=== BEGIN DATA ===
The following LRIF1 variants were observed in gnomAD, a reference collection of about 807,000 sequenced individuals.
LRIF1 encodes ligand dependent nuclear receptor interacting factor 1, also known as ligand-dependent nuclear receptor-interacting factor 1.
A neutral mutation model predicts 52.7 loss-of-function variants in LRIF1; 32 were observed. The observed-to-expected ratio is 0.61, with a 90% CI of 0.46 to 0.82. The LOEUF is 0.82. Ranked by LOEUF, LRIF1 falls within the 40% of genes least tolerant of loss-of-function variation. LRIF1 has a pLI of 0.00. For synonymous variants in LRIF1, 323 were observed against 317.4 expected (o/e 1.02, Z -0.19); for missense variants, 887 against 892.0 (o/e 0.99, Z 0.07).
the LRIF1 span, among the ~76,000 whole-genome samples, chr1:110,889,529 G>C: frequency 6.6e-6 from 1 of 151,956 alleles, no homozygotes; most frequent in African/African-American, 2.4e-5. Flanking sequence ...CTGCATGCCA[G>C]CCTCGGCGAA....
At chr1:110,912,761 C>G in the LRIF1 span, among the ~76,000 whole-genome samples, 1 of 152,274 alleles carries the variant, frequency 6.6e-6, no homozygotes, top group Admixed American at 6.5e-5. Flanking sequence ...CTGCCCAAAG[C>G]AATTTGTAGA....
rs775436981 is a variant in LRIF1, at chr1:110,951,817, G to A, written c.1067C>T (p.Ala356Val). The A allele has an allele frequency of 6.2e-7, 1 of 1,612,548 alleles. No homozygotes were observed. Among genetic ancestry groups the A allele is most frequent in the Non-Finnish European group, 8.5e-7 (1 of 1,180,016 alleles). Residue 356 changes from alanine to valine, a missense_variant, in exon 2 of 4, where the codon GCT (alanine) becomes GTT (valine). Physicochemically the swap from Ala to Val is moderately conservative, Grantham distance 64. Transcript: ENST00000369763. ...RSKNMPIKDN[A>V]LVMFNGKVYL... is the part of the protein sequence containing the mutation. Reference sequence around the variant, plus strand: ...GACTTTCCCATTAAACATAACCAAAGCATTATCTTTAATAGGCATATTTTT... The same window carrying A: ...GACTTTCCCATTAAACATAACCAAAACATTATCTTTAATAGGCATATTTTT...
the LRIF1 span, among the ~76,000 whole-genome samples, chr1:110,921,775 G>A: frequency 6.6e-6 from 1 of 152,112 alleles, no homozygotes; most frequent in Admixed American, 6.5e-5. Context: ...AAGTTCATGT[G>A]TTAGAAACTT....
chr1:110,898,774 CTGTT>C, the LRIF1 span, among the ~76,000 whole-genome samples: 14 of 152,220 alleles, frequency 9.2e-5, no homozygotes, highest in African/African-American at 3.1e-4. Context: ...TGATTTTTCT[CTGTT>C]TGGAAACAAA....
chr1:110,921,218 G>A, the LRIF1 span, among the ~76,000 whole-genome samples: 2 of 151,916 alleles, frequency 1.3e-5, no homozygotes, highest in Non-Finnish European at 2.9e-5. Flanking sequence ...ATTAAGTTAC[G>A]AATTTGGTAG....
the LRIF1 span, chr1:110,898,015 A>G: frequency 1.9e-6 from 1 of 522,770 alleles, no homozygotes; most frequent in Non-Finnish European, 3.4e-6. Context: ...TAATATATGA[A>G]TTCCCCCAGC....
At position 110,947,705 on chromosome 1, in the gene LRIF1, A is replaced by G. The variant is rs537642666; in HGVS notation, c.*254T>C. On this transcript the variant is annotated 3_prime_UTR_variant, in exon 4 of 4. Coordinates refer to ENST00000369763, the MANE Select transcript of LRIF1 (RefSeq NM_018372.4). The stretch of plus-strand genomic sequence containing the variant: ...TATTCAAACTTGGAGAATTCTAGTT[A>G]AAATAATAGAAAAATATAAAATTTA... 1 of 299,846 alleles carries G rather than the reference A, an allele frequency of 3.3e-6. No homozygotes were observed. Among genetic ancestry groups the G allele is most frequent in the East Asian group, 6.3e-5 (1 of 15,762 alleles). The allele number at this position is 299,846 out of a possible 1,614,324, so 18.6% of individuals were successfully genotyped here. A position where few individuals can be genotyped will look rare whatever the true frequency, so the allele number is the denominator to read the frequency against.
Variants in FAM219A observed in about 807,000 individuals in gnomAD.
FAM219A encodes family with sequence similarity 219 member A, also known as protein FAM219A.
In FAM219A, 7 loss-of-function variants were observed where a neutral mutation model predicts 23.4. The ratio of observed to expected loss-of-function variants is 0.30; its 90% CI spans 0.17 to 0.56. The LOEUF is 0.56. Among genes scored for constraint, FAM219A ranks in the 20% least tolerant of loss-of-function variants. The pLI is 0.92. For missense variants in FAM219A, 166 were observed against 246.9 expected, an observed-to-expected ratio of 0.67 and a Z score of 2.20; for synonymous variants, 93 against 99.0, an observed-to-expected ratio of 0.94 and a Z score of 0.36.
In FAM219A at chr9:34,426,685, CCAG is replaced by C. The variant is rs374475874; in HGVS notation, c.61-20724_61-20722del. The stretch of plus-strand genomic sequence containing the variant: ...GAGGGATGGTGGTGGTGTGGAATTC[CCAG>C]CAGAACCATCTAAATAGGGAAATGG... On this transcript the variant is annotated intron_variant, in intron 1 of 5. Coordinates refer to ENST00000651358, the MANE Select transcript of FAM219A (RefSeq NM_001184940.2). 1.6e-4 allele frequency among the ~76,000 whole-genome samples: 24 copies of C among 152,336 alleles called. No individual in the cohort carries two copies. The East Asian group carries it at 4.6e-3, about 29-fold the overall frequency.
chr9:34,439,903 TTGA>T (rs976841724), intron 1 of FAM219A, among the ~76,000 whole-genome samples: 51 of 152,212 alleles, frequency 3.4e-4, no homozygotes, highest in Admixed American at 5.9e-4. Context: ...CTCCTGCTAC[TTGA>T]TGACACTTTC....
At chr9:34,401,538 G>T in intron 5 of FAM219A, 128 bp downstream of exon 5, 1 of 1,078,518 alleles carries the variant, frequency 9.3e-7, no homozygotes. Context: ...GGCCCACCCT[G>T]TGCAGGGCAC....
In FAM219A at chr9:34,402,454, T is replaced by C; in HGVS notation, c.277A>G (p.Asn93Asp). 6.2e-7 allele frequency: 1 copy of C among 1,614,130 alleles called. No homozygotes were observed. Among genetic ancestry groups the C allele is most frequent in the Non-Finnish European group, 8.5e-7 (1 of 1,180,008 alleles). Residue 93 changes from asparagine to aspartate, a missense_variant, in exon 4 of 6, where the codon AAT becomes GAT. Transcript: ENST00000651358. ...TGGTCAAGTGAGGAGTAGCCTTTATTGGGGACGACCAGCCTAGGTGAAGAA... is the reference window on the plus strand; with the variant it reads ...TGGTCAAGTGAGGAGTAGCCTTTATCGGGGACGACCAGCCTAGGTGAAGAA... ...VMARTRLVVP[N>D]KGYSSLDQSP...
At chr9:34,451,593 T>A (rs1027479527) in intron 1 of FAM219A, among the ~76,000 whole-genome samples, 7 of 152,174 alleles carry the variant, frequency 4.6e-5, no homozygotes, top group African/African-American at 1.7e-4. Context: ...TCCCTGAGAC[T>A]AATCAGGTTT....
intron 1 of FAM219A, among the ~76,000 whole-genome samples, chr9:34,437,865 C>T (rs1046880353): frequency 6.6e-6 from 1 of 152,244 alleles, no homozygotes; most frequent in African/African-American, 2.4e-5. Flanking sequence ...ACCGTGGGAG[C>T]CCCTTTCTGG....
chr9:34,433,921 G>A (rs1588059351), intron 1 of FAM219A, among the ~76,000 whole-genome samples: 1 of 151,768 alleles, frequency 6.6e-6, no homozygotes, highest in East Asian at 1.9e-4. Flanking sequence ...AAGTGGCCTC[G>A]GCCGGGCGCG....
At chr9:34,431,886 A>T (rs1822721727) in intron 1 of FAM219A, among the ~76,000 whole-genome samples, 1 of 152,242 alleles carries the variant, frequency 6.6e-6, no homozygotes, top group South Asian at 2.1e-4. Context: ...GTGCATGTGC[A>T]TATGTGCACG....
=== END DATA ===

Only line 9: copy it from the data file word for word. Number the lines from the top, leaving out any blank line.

chr1:110,921,218 G>A, the LRIF1 span, among the ~76,000 whole-genome samples: 2 of 151,916 alleles, frequency 1.3e-5, no homozygotes, highest in Non-Finnish European at 2.9e-5. Flanking sequence ...ATTAAGTTAC[G>A]AATTTGGTAG....